The new normal – Day 61

May 16, 2020

The new normal - Day 61

Photo courtesy of Debra Hawkes

Spencer Batute, Staff Writer

With in-person classes suspended and most clinical nursing sites closed for much of the semester, Los Medanos College nursing students have been unsure until recently if they’ll be able to get the clinical hours they need to graduate. For Debra Hawkes, Director of the Licensed Vocational Nurse Program, the dilemma currently faced by her students has been one of her main concerns in recent weeks.

“The Nursing Program has been thrown into quite a bit of disarray,” Hawkes said.

Weeks before the college closed, the clinical sites where students log the hours they need to graduate shut their doors to students as concerns over COVID-19 rose. 

Since then, Hawkes’ students have been largely unsure if they’ll be able to get the hours they need to graduate or move on to the next semester. This reality would pose a problem not only for her students but for the entire California health system.

“There’s a nursing shortage in California,” Hawkes said. Around 10,000 California nursing students graduate each year, and if those students are trapped at school, they won’t be able to join the struggling health care system. “It’s gonna create a long term problem if we can’t graduate students,” Hawkes said.

Fortunately for her students, according to Hawkes, a couple of hospitals are opening up to the students so they can complete the few hours of make-up clinical time they need in order to graduate or move on to the next semester.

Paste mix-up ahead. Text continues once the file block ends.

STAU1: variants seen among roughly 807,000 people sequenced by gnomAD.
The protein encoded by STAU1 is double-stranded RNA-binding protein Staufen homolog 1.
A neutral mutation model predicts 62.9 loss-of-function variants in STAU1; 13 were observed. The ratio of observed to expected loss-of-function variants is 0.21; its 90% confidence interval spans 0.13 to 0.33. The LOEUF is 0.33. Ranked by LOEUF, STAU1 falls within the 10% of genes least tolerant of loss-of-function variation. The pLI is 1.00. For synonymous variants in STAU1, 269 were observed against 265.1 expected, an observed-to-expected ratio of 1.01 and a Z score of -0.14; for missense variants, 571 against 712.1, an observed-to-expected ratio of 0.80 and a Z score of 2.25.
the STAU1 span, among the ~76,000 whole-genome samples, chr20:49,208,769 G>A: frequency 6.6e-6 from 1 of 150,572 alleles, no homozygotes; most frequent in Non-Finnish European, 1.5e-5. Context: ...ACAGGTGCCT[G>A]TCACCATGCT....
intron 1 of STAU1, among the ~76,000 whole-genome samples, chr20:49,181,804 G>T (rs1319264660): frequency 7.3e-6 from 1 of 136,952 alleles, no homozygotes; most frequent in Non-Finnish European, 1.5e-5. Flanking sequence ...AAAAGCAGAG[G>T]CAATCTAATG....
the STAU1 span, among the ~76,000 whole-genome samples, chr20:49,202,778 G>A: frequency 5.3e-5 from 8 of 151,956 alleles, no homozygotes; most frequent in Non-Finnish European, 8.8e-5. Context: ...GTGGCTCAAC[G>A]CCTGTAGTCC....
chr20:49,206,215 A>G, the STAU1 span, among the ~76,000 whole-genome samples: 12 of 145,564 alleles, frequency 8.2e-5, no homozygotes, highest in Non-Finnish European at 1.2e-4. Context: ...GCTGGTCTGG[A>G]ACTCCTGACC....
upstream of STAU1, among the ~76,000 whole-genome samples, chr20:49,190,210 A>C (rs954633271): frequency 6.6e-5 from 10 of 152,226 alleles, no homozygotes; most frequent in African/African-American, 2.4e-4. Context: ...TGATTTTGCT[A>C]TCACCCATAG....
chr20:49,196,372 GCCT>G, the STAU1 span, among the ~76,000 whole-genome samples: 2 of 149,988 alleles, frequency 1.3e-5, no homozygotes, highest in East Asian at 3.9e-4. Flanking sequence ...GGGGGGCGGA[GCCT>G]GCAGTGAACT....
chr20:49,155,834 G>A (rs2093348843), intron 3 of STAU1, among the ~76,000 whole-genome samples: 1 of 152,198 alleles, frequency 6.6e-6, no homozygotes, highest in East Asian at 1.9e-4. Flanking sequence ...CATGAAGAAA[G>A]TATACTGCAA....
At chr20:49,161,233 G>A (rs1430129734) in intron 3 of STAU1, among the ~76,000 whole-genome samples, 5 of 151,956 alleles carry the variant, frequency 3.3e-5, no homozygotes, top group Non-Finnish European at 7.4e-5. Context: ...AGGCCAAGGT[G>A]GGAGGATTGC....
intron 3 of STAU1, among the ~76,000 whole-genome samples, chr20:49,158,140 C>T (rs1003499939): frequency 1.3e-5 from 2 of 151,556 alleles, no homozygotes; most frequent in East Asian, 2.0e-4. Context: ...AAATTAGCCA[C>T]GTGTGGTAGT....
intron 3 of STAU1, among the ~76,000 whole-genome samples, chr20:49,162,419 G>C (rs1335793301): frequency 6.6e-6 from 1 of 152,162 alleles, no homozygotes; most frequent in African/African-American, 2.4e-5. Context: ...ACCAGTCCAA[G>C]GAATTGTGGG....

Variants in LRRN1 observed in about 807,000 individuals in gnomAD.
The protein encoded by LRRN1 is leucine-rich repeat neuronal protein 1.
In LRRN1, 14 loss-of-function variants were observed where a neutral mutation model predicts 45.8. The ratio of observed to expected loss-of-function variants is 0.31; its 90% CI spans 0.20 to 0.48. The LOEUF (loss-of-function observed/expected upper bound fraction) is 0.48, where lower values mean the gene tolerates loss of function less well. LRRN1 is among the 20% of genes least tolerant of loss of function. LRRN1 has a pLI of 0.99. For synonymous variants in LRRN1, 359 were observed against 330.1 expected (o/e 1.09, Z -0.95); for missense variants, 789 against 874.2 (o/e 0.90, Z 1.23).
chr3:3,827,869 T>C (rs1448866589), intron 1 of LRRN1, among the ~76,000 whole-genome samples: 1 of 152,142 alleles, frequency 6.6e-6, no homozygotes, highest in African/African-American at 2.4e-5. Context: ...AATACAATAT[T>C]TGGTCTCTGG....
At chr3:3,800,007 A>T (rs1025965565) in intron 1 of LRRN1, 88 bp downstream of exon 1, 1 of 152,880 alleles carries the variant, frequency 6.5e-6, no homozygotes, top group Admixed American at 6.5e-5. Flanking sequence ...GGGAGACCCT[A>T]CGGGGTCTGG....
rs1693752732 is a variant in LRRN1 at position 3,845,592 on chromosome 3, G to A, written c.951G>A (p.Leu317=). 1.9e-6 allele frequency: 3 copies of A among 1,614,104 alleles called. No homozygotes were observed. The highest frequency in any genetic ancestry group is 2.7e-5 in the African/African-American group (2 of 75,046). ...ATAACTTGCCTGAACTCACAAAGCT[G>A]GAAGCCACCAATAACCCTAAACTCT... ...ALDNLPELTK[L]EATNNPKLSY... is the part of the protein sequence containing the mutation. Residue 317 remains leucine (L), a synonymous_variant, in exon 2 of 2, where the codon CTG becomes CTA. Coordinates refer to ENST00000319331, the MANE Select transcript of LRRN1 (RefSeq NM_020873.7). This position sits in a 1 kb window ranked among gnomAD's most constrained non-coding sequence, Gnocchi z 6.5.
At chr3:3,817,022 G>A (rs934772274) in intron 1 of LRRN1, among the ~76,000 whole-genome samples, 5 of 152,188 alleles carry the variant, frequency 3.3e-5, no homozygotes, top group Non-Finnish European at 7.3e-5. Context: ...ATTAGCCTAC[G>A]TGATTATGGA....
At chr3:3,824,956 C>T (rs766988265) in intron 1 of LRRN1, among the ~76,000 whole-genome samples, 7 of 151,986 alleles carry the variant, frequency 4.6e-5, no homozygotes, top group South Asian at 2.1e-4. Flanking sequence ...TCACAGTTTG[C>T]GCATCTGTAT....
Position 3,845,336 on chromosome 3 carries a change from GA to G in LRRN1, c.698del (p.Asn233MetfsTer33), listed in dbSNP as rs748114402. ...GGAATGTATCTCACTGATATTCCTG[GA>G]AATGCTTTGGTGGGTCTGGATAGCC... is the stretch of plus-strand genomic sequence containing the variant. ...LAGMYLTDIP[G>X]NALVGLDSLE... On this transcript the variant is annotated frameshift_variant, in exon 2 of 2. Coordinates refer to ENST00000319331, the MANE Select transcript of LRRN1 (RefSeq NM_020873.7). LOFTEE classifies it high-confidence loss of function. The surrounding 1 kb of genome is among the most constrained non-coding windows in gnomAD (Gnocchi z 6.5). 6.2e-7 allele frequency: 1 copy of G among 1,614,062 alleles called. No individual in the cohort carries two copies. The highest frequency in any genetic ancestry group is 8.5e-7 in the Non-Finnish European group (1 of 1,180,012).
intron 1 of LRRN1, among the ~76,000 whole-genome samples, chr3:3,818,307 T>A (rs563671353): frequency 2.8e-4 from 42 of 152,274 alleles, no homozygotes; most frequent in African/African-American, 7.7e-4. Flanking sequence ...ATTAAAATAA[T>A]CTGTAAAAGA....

After the clinical sites closed their doors and LMC suspended in-person classes, Hawkes’ students shifted to online learning, where they’ve been able to accomplish half of their clinical hours using virtual simulation and documentation programs that were purchased with emergency money from the Perkins Grant Fund.

Still, online learning has posed challenges. For many students, some of whom work in health care and have children, learning the simulation systems has been time-consuming and stressful. “It’s a huge amount of work for the students to do everything online,” Hawkes said.

No less, that training might not replicate the quality of in-person learning. “It’s pretty hard to teach how to give an injection online,” Hawkes said.

Nonetheless, Hawkes says her students are “extremely, extremely motivated.” Hawkes often tells her nursing students, “You have to learn the F word — Flexibility.” because, pandemic or not, clinical sites often might cancel on students.

Hawkes’ new routine sees her on the computer by 8 or 9 a.m. During her workdays, she meets with students on Zoom or in open office hours, sits in faculty meetings, or takes care of administrative work.

“I really miss meeting with the class,” she said.

To stay healthy, Hawkes makes sure she walks every day. She misses driving through the hills of Contra Costa County, but instead, she tries to take care of the stress in other ways. She also tries to encourage healthy habits in her students by telling them to do something that’s not related to school.

“The students that I have worked with are very appreciative of the efforts on their behalf to get them through this semester,” Hawkes said. “Nursing school is difficult and with the addition of online courses, learning new simulation software and lack of quiet study time it has been rough. They will all cheer once the semester is over!”